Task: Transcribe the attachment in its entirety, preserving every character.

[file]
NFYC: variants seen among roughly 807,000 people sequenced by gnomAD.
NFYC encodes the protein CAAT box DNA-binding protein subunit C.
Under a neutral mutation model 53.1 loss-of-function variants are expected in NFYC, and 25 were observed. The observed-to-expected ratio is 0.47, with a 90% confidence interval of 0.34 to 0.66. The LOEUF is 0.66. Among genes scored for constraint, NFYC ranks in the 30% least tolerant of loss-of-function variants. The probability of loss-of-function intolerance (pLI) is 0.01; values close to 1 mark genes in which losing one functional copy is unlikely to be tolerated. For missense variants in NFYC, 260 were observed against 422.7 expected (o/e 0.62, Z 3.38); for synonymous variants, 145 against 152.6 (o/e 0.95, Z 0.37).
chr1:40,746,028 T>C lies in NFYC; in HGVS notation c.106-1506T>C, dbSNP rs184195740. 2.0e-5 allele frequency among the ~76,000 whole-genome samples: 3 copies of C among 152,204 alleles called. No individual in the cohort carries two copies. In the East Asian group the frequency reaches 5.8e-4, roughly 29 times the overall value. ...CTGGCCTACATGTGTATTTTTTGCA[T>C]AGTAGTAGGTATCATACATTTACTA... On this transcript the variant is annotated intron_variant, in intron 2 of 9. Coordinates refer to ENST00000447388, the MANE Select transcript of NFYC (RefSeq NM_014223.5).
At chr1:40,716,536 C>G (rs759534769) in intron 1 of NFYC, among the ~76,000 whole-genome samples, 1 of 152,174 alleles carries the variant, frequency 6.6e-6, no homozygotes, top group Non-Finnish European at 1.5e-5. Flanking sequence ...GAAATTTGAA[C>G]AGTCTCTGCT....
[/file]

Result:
NFYC: variants seen among roughly 807,000 people sequenced by gnomAD.
NFYC encodes the protein CAAT box DNA-binding protein subunit C.
Under a neutral mutation model 53.1 loss-of-function variants are expected in NFYC, and 25 were observed. The observed-to-expected ratio is 0.47, with a 90% confidence interval of 0.34 to 0.66. The LOEUF is 0.66. Among genes scored for constraint, NFYC ranks in the 30% least tolerant of loss-of-function variants. The probability of loss-of-function intolerance (pLI) is 0.01; values close to 1 mark genes in which losing one functional copy is unlikely to be tolerated. For missense variants in NFYC, 260 were observed against 422.7 expected (o/e 0.62, Z 3.38); for synonymous variants, 145 against 152.6 (o/e 0.95, Z 0.37).
chr1:40,746,028 T>C lies in NFYC; in HGVS notation c.106-1506T>C, dbSNP rs184195740. 2.0e-5 allele frequency among the ~76,000 whole-genome samples: 3 copies of C among 152,204 alleles called. No individual in the cohort carries two copies. In the East Asian group the frequency reaches 5.8e-4, roughly 29 times the overall value. ...CTGGCCTACATGTGTATTTTTTGCA[T>C]AGTAGTAGGTATCATACATTTACTA... On this transcript the variant is annotated intron_variant, in intron 2 of 9. Coordinates refer to ENST00000447388, the MANE Select transcript of NFYC (RefSeq NM_014223.5).
At chr1:40,716,536 C>G (rs759534769) in intron 1 of NFYC, among the ~76,000 whole-genome samples, 1 of 152,174 alleles carries the variant, frequency 6.6e-6, no homozygotes, top group Non-Finnish European at 1.5e-5. Flanking sequence ...GAAATTTGAA[C>G]AGTCTCTGCT....